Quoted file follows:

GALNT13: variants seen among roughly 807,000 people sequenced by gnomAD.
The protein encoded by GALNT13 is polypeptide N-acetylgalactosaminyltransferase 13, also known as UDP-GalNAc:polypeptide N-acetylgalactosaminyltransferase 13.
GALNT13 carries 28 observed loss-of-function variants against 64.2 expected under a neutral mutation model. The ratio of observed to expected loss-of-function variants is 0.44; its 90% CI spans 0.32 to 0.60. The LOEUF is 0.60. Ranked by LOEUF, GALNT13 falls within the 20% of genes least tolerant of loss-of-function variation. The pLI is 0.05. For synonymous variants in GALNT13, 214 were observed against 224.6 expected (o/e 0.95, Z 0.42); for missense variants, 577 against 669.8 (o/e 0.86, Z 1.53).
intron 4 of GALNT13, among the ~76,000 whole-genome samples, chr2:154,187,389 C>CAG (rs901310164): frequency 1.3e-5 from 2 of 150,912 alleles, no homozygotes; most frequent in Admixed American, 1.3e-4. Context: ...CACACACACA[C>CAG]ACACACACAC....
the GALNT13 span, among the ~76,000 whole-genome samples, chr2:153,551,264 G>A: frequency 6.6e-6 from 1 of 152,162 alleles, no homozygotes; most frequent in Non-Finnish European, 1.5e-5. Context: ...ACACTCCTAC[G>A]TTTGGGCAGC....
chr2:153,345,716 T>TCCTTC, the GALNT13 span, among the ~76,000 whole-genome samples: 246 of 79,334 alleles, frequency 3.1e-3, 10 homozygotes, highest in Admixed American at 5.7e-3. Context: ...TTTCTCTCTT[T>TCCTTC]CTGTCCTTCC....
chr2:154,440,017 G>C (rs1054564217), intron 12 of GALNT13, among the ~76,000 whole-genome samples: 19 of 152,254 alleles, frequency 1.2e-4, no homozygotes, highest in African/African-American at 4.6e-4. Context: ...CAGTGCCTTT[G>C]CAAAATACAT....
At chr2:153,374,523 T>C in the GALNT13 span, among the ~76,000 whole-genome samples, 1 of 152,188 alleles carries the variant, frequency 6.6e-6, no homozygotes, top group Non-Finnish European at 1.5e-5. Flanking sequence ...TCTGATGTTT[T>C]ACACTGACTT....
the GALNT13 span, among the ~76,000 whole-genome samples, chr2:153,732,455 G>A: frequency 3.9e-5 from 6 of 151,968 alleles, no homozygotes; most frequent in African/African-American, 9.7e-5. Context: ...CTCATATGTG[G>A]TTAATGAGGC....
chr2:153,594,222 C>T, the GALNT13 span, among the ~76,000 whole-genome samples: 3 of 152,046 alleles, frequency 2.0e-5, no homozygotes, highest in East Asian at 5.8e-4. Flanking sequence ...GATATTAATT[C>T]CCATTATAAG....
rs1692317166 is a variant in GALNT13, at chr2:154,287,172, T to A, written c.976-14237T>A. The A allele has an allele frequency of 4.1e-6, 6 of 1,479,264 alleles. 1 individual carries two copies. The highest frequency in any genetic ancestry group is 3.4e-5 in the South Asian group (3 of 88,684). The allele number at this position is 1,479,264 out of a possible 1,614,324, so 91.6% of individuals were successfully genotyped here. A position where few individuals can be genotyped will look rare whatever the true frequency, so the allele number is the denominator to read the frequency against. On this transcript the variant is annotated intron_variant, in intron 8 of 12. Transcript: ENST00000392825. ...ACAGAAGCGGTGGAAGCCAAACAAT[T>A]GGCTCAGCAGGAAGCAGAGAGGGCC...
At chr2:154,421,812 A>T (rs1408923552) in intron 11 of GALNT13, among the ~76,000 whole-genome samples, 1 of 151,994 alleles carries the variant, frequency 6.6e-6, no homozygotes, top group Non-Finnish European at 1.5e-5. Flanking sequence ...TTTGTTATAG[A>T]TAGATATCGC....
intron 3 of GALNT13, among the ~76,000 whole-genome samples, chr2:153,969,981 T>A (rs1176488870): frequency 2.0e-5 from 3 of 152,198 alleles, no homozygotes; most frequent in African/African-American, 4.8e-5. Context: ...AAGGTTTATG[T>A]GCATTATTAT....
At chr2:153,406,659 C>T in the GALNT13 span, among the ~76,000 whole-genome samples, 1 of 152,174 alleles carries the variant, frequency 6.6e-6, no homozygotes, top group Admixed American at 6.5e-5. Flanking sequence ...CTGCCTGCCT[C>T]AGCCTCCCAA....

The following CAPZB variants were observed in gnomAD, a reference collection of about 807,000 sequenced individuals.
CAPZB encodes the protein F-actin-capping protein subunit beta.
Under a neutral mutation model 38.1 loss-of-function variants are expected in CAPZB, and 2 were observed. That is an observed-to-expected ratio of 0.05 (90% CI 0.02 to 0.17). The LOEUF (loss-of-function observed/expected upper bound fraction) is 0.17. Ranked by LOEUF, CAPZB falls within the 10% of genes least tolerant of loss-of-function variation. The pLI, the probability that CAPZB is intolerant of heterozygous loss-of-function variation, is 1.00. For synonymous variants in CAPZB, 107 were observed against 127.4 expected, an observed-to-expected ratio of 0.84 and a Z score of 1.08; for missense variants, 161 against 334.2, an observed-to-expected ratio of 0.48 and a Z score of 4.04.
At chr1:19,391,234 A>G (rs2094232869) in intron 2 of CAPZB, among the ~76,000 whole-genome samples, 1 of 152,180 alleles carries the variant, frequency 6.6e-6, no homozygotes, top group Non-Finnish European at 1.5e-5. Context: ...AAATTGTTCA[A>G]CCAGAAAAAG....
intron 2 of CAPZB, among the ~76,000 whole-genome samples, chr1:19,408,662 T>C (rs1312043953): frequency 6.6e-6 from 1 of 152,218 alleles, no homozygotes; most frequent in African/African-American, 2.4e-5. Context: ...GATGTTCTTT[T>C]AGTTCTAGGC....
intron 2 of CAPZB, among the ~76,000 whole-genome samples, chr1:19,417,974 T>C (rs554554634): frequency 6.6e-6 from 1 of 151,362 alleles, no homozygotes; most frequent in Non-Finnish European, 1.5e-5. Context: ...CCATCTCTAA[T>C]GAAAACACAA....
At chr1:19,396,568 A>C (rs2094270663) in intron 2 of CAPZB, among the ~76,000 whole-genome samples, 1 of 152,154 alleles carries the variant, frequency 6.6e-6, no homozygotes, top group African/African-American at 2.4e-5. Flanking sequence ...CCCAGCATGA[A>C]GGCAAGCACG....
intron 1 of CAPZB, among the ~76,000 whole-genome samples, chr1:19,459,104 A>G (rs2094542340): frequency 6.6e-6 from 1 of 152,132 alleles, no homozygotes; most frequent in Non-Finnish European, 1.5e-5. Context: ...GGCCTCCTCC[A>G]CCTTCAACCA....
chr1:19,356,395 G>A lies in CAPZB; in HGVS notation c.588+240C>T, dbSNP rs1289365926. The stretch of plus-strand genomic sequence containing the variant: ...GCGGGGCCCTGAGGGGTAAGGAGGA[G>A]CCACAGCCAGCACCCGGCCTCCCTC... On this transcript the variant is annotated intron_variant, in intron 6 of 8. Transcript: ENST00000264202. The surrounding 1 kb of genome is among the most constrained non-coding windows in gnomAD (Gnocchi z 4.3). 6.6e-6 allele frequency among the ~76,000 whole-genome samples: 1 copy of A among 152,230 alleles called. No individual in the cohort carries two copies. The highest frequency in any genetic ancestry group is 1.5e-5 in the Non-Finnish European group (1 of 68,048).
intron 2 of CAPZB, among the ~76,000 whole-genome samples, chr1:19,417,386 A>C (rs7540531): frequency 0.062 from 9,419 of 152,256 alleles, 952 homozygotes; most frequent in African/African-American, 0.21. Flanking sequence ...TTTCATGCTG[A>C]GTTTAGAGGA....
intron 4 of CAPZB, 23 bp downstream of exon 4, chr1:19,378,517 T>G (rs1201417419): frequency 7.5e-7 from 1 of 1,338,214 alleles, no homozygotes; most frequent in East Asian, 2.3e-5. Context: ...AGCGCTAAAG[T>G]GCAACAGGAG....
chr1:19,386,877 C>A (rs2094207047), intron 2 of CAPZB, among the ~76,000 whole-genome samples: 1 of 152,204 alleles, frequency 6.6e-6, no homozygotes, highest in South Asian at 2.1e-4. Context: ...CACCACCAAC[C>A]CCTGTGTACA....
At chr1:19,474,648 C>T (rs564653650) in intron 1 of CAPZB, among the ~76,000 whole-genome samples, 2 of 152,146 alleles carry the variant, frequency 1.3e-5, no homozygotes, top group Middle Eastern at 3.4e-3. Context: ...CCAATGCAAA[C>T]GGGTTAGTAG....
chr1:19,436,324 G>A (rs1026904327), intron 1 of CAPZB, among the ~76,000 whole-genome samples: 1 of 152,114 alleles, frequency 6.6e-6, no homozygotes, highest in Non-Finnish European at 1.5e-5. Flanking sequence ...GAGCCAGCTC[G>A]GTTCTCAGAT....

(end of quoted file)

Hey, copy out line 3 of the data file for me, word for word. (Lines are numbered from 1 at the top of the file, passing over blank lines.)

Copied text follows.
GALNT13 carries 28 observed loss-of-function variants against 64.2 expected under a neutral mutation model. The ratio of observed to expected loss-of-function variants is 0.44; its 90% CI spans 0.32 to 0.60. The LOEUF is 0.60. Ranked by LOEUF, GALNT13 falls within the 20% of genes least tolerant of loss-of-function variation. The pLI is 0.05. For synonymous variants in GALNT13, 214 were observed against 224.6 expected (o/e 0.95, Z 0.42); for missense variants, 577 against 669.8 (o/e 0.86, Z 1.53).